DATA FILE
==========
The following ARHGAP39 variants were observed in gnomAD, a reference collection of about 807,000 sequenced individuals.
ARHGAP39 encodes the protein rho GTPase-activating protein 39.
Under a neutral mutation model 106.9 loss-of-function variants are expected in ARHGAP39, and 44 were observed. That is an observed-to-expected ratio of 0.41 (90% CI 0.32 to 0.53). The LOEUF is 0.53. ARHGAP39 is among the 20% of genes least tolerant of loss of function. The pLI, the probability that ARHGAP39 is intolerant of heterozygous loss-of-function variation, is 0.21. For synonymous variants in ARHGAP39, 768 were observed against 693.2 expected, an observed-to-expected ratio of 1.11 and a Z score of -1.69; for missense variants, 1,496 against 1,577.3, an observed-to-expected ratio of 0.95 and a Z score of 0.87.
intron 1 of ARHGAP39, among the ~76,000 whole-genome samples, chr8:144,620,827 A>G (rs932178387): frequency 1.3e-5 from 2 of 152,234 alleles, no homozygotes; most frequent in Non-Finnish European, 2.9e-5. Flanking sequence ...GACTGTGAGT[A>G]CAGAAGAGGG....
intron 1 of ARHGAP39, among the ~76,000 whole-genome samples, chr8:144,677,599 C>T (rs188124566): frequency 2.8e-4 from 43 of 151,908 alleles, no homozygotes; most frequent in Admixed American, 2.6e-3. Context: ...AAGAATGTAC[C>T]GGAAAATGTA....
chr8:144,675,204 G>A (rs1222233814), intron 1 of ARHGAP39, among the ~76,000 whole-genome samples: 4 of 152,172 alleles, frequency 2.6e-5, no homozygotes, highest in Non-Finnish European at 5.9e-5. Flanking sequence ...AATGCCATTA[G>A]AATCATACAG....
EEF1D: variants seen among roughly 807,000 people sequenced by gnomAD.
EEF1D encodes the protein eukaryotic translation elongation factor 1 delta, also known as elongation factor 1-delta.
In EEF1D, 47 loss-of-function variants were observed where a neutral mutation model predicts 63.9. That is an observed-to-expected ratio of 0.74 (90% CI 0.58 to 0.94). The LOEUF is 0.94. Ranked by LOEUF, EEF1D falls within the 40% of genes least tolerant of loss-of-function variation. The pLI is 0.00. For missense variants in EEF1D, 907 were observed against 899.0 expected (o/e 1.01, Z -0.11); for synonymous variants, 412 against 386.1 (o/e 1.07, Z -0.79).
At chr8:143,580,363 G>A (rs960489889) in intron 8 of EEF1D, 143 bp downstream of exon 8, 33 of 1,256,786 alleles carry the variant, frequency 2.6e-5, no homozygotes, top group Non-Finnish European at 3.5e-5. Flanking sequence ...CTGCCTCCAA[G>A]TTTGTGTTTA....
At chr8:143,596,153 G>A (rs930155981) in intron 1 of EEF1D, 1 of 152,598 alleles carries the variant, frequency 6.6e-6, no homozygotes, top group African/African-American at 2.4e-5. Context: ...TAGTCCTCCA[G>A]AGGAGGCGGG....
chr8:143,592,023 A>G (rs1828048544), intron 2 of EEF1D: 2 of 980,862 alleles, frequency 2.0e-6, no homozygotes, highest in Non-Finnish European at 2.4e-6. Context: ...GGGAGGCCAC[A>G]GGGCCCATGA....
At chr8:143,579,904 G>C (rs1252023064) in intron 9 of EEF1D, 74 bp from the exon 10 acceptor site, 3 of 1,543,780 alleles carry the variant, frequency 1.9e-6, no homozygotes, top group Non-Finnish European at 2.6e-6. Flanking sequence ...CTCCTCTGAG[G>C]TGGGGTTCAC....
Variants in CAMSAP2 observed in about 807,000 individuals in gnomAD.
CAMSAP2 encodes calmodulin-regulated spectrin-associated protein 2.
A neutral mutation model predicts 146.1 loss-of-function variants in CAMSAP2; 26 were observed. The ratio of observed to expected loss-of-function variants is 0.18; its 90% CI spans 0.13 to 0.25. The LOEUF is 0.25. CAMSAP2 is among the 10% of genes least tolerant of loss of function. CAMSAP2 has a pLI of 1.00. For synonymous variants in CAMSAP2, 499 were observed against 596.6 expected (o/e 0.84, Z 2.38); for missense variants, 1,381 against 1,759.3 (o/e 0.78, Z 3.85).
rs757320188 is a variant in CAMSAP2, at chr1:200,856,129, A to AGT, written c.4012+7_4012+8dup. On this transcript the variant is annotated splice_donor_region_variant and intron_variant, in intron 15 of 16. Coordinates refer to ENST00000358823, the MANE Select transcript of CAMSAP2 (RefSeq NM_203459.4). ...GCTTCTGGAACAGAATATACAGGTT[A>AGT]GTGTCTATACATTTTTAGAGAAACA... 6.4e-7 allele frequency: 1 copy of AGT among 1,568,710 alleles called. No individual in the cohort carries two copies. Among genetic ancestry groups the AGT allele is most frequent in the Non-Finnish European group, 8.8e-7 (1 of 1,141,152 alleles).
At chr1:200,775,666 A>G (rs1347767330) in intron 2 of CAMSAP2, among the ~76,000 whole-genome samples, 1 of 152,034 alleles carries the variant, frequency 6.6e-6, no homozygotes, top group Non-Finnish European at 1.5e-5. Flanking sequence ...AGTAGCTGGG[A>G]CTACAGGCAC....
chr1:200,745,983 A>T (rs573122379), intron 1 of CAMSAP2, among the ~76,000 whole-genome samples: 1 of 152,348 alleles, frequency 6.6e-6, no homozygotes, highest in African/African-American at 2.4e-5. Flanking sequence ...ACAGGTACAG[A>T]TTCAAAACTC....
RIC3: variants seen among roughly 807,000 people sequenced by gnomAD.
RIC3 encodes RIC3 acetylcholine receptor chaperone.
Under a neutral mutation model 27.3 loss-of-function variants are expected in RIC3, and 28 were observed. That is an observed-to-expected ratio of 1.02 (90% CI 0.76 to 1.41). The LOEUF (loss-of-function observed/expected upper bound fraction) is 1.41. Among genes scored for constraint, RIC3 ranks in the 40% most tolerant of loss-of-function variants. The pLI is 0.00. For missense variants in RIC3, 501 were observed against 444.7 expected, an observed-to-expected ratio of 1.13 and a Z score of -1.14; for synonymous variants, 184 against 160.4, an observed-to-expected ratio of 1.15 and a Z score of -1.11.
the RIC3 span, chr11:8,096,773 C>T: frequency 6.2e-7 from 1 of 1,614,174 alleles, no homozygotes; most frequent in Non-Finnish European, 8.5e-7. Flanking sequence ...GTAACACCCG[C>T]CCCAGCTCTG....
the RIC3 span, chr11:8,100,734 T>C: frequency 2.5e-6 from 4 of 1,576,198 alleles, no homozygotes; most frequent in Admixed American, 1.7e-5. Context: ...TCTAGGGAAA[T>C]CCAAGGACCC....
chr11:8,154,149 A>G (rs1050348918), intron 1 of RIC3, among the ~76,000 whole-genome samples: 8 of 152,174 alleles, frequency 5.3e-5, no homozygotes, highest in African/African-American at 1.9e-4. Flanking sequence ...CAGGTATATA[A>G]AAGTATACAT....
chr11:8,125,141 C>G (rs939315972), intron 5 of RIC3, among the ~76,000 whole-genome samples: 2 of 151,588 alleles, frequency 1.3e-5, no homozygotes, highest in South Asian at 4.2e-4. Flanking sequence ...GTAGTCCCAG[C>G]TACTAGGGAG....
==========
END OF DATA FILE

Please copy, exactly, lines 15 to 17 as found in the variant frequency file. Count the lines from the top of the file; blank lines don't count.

CAMSAP2 encodes calmodulin-regulated spectrin-associated protein 2.
A neutral mutation model predicts 146.1 loss-of-function variants in CAMSAP2; 26 were observed. The ratio of observed to expected loss-of-function variants is 0.18; its 90% CI spans 0.13 to 0.25. The LOEUF is 0.25. CAMSAP2 is among the 10% of genes least tolerant of loss of function. CAMSAP2 has a pLI of 1.00. For synonymous variants in CAMSAP2, 499 were observed against 596.6 expected (o/e 0.84, Z 2.38); for missense variants, 1,381 against 1,759.3 (o/e 0.78, Z 3.85).
rs757320188 is a variant in CAMSAP2, at chr1:200,856,129, A to AGT, written c.4012+7_4012+8dup. On this transcript the variant is annotated splice_donor_region_variant and intron_variant, in intron 15 of 16. Coordinates refer to ENST00000358823, the MANE Select transcript of CAMSAP2 (RefSeq NM_203459.4). ...GCTTCTGGAACAGAATATACAGGTT[A>AGT]GTGTCTATACATTTTTAGAGAAACA... 6.4e-7 allele frequency: 1 copy of AGT among 1,568,710 alleles called. No individual in the cohort carries two copies. Among genetic ancestry groups the AGT allele is most frequent in the Non-Finnish European group, 8.8e-7 (1 of 1,141,152 alleles).